By Kiana Wilburg
Consultations for Budget 2019 have begun and the Federation of Independent Trade Unions of Guyana (FITUG) has already laid out a menu of things it wants the government to consider especially as it relates to taxation.
High on its list is the need for the government to re-examine tax exemptions which are given to private enterprises. FITUG urged the administration to ensure that exemptions/write-offs are predicated on job creation and aligned with national development goals.
In addition to this, FITUG said that budget 2019 comes at a time when there has been a marked increase in tax revenues. In this regard, FITUG said that statistics from the Ministry of Finance show that tax revenues have risen from $136.5B in 2014 to $171.5B in 2017. On this premise, the organization said that there needs to be a change for the better.
For Budget 2019, FITUG wants the government to increase the income tax threshold to $100,000 per month; introduce tax relief for taxpayers with dependents; remove 1/3 of the tax threshold for income earners who earn in excess of $180,000 per month and have a second tax tier set at $200,000 per month.
It also wants the government to remove VAT on electricity, water, and private health care and widen the income tax base by capturing several high income earners and professionals who may have avoided taxation.
FITUG emphasized that its suggestions are not vastly different from those which were articulated by the Tax Reform Committee that was set up by the Government soon after its election to office.
Tax reform usually starts out with the intention to make a nation more progressive. But in Guyana’s case, the opposite is being done. Some six years ago, tax measures were implemented by the former regime which opened the floodgates for increased exemptions and remissions.
Tax advisors are saying that the move was one that has made tax administration difficult and revenue loss significant.
In fact, Guyana now stands to be one of the leading countries with massive overlay of tax exemptions and remissions. Tax advisors are now calling for a major reduction in the incidence of tax holidays.
Speaking to the genesis of the former regime’s actions, the Tax Reform Commission which was established by the Granger administration said that between 2009 and 2013, two comprehensive studies on Guyana’s tax system and its administration were conducted. They opined that fundamental reform measures were proposed in both of these studies, but the recommendations were not implemented.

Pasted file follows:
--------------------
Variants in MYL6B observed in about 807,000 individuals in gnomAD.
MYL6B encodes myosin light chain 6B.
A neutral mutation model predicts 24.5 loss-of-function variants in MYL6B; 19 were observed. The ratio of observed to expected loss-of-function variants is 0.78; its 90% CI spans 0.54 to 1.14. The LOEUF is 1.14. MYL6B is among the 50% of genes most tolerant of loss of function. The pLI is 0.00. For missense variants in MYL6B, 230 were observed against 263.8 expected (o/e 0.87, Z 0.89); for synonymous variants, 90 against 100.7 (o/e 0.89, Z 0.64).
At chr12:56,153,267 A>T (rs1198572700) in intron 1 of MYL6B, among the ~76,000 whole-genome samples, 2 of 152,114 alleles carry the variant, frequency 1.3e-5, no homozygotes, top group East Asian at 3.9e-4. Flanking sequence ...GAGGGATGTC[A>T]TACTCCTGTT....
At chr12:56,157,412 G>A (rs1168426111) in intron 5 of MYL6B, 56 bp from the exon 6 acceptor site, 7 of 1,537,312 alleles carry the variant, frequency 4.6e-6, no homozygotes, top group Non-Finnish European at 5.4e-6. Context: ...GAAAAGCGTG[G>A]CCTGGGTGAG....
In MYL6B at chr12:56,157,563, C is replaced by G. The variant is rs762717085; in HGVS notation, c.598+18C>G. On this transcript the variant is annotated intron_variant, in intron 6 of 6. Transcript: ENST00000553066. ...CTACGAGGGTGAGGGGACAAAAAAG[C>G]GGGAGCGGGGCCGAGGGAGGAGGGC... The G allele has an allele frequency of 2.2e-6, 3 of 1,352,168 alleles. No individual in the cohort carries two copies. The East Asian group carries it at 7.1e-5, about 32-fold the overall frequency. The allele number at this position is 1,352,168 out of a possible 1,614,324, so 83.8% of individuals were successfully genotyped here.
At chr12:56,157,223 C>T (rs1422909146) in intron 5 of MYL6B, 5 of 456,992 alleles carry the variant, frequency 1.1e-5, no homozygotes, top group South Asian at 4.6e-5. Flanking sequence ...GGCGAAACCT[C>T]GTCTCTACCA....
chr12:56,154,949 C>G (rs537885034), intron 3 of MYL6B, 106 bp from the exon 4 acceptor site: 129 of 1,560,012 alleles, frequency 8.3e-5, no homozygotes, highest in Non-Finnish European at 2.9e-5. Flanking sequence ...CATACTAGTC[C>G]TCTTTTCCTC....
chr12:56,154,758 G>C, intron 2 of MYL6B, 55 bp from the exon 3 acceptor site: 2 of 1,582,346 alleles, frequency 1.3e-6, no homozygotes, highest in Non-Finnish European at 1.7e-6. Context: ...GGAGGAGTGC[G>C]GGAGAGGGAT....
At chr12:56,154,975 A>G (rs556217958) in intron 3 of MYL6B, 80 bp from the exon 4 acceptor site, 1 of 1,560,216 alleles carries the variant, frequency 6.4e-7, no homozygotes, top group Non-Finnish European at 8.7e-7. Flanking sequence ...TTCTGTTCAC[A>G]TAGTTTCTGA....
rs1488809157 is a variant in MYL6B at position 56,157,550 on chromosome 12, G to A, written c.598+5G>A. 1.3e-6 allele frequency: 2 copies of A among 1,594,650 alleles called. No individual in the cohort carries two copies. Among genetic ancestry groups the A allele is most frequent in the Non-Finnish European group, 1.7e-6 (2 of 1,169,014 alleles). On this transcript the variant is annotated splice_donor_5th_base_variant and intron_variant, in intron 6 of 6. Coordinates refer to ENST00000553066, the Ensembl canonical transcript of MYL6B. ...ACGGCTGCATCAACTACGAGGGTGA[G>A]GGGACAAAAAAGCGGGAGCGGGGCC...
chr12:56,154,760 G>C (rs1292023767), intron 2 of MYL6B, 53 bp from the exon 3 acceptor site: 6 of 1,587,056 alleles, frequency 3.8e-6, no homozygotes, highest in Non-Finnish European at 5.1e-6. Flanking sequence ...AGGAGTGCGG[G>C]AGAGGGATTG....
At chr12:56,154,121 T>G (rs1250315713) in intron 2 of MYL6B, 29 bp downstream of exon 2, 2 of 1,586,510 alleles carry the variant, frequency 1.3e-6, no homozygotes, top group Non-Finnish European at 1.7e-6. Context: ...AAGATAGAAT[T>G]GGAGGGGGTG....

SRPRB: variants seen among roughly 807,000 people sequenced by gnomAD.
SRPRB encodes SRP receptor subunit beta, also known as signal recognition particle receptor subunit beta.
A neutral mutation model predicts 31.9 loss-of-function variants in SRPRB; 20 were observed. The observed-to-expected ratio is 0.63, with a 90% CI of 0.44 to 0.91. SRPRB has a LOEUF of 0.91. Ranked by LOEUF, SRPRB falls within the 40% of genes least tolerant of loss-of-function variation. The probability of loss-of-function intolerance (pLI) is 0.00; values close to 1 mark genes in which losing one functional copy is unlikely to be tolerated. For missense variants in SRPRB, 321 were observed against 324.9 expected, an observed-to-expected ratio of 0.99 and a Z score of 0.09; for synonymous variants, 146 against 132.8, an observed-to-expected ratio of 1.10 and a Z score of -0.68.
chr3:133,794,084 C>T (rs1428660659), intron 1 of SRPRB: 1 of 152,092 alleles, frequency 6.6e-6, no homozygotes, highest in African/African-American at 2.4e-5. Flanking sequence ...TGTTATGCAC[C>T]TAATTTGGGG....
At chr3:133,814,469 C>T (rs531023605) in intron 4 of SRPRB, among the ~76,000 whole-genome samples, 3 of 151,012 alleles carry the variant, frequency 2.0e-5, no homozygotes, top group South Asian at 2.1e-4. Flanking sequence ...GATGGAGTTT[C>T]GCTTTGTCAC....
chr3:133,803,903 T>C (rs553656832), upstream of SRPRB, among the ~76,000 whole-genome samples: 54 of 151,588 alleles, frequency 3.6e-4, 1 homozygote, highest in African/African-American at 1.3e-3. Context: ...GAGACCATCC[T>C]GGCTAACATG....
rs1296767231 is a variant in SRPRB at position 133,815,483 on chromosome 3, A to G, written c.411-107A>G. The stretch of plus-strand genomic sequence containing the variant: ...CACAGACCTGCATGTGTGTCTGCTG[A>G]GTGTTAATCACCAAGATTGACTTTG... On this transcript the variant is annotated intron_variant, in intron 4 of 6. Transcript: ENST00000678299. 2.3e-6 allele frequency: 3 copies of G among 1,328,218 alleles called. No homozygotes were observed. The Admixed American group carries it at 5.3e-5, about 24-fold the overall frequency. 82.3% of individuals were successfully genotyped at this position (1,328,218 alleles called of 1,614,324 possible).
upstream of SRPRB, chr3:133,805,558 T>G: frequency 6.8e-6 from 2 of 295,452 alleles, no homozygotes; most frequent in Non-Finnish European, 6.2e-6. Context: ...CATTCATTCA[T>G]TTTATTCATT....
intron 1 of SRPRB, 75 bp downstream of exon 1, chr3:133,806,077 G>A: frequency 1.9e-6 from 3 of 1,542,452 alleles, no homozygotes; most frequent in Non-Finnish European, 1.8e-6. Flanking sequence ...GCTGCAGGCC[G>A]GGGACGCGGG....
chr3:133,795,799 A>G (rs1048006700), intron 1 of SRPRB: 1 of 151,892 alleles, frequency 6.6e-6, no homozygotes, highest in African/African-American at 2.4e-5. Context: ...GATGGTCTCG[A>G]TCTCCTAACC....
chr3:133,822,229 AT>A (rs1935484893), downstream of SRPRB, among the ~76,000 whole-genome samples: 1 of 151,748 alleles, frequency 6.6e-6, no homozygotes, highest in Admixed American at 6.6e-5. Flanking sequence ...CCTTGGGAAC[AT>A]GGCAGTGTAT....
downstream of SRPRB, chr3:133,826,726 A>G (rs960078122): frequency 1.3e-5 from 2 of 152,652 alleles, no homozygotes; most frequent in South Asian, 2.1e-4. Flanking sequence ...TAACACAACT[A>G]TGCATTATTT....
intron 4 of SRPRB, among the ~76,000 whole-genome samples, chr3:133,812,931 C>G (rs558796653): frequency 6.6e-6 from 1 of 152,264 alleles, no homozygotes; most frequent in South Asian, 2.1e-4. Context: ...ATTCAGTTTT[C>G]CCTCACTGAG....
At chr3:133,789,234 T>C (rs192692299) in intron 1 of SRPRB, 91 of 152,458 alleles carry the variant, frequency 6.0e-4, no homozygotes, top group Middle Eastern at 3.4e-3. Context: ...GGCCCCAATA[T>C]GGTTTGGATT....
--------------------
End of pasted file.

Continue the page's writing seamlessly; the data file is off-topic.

Instead, in 2011, the PPP Government undertook major tax policy reversals when the Fiscal Management and Accountability Act of 2003 was amended to introduce more exemptions and remissions into the tax system.
The Commission members said that countries have generally been slow to rollback tax incentives, partly because it has been very difficult to determine whether the incentives are having the desired effect or not, in the absence of data that would facilitate serious research and investigation.
The advisors said however, that a consensus has been slowly emerging that, outside of, for example, light manufacturing activities and internet-based call centre backroom services, tax incentives are not very effective in attracting foreign investment and merely result in a “race to the bottom”.
The Commission also highlighted the strong views held by the International Monetary Fund, World Bank, the Organization for Economic Co-operation and Development (OECD) and other international institutions that countries such as Guyana, should focus more on the classical determinants of investment that are possibly within their control, along with other factors that facilitate ‘doing business’ and rely less on tax incentives.
Besides size and factor resource endowment, the international organizations believe that determinants of investment should include consistent and stable macro-economic and fiscal policy; political stability; adequate physical, financial, legal and institutional infrastructure; effective, transparent and accountable public administration; skilled labour force and flexible labour code governing employer and employee relations; availability of adequate dispute resolution mechanisms; and foreign exchange rules and the ability to repatriate profits.
The Tax Reform Commission included the likes of Chartered Accountant, Christopher Ram, Commissioner-General of the Guyana Revenue Authority (GRA), Godfrey Statia, NICIL’s Chairman, Dr. Maurice Odle and Economist, Dr. Thomas Singh.
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